Ultimately, as regulatory agencies across the world began the ground the MAX fleet and after the FAA evaluated the evidence from Ethiopian 302, they followed suit. The bottom line is, nobody can move forward until the FAA re-certifies the aircraft. There is probably only one chance to get this right and the reputations of Boeing and the FAA are on the line. Once the FAA gives the greenlight, the question is whether other agencies responsible for the re-certification of the MAX fleet will do the same. Apart from the FAA and Transport Canada in North America, the other agencies responsible for large MAX fleets include the European Union Aviation Safety Agency (EASA) and China's CAAC. For the most part executives from major airline companies such as IAG (British Airways, Iberia) and Southwest have expressed confidence in the return of the MAX, others are losing patience. As reported by CNBC last July, in an earnings call Ryanair CEO Michael O'Leary expressed his frustration with the grounding, as airline growth plans had
relied on the delivery of 58 737-MAX aircraft by the summer of 2020. According to Boeing, the company has 135 of the type on order. When asked how many aircraft he expected to be delivered in the time frame, O’Leary replied, “It may well move to 20, it could move to 10, and it could well move to zero if Boeing don’t get their sh--- together pretty quickly with the regulator.”
Reading the Tea Leaves
Now, the million-dollar question is when the 737-MAX will return to service. Press releases from the airlines show different levels of optimism. American, United and WestJet have removed the MAX from their schedules until early November 2019, while Southwest and Air Canada have removed the aircraft from their schedules until January 2020. In the meantime, Boeing has identified and is correcting software flaws and implementing a “fail-safe” process where the MCAS system will work in conjunction with both, rather than a single flight control computer. Boeing still appears to be aiming for an October re-certification, but that may be overly optimistic. However, they are taking very seriously the need to have the aircraft return to flight simultaneously in FAA, EAS, and CAAC regulated regions. Bloomberg reported on August 6th that Boeing has dispatched teams to China to hold workshops with pilots and engineers from China Southern, Air China, China Eastern, Xiamen and Hainan Airlines, as part of the process of returning China’s 96 grounded aircraft to flight. On August 13th, the Trump Administration announced that a new round of tariffs on popular Chinese made goods scheduled to begin September 1st, has now been delayed until December 15th. This temporary reprieve is certainly good news for Boeing and U.S. consumers as well.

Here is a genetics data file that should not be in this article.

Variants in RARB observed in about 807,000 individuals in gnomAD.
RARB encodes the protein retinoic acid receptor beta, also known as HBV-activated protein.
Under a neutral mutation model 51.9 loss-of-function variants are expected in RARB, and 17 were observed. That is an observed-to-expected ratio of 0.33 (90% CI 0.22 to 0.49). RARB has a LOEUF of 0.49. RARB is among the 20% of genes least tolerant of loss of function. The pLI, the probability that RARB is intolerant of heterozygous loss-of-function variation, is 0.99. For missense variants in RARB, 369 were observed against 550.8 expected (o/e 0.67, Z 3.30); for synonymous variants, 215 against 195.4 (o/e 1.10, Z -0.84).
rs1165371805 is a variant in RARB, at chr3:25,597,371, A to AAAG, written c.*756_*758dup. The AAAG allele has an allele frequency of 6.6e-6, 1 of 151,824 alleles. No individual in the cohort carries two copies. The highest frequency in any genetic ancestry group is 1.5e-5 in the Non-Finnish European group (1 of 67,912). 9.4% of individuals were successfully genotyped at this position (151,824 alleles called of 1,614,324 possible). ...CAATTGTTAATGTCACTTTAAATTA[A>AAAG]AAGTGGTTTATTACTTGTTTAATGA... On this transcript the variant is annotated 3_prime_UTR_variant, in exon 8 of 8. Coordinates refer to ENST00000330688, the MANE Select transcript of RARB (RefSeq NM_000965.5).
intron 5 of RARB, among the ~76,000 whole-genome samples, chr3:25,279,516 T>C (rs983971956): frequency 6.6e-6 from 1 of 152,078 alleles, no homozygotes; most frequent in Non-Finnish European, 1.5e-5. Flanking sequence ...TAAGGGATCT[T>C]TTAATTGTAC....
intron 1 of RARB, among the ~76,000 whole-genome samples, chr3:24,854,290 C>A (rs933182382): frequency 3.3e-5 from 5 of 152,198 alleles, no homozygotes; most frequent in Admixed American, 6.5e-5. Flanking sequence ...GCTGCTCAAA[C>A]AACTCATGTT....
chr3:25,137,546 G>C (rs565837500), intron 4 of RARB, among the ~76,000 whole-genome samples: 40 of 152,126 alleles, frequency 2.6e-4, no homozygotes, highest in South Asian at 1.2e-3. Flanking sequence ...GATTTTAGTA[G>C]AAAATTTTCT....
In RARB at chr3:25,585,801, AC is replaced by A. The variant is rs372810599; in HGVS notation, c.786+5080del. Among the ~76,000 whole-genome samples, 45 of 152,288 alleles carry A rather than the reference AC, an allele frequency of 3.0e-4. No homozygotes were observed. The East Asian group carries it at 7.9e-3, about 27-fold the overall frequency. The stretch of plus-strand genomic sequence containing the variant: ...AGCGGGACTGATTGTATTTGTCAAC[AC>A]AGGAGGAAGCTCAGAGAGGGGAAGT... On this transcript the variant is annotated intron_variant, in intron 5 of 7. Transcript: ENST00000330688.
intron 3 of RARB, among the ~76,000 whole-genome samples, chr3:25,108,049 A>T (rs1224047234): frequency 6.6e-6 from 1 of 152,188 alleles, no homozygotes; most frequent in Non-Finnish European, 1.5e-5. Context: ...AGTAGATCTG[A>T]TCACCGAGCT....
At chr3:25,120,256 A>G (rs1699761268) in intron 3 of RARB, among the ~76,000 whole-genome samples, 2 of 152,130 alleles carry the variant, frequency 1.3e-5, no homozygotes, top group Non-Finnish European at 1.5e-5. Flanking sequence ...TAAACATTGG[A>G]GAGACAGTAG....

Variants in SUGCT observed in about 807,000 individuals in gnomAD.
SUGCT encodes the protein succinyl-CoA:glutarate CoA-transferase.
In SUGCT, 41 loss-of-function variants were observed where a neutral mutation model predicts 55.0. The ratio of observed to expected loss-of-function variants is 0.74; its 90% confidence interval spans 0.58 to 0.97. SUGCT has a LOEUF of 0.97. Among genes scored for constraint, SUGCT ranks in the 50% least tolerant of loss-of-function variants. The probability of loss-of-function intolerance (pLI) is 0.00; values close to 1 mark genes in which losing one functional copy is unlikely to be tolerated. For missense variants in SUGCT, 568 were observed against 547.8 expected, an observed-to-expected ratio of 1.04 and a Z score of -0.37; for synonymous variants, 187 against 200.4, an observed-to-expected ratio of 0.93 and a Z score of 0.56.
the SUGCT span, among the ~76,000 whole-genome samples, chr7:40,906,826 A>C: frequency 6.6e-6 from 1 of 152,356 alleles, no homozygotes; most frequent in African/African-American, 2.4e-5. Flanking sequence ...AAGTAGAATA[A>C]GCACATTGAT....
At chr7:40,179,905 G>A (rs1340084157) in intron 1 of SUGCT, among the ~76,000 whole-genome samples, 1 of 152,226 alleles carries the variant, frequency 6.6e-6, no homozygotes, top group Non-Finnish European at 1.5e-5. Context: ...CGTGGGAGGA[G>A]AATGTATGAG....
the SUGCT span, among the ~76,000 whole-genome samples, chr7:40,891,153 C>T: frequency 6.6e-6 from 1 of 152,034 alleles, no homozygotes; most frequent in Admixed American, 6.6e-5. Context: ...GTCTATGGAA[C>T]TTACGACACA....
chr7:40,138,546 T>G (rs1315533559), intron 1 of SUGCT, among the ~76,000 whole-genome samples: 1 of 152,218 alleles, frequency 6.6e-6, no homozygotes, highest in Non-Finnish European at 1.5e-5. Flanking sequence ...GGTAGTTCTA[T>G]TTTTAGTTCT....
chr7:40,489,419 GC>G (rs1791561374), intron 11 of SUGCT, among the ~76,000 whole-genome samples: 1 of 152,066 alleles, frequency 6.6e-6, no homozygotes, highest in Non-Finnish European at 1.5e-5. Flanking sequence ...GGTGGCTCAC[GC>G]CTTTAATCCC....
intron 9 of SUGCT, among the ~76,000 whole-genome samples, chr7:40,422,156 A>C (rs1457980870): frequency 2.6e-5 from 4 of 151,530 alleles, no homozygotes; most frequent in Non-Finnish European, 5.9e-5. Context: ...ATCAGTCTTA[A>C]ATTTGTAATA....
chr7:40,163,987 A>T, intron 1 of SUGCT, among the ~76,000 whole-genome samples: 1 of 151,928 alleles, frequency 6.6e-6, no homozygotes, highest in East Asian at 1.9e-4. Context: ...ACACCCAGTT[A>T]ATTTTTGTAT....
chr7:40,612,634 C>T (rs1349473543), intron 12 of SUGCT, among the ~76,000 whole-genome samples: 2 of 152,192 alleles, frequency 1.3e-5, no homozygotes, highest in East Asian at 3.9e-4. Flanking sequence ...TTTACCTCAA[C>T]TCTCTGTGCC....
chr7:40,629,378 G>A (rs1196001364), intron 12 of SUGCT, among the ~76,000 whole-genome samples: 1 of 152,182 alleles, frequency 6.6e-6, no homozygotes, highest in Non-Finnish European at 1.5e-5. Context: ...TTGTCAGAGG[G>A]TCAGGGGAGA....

We have complete confidence that the FAA and Boeing won’t return the 737-MAX to service until it is ready and not a day sooner. Financial implications apart, and they are vast, we owe that to the memory of the 346 passengers and crew who perished on Lion Air 610 and Ethiopian 302. Hopefully China and the CAAC will set aside geopolitics once it has been demonstrably proven that the 737-MAX is the safe, efficient and airworthy aircraft it was designed to be.
Source(s): FAA, CNBC, Bloomberg
UPDATED 8/30/19: United Airlines has removed the Boeing 737-MAX from their schedule until 12/19/19.
Updated 10/2/2019: American Airlines has removed the Boeing 737-MAX from their schedule until 12/03/19.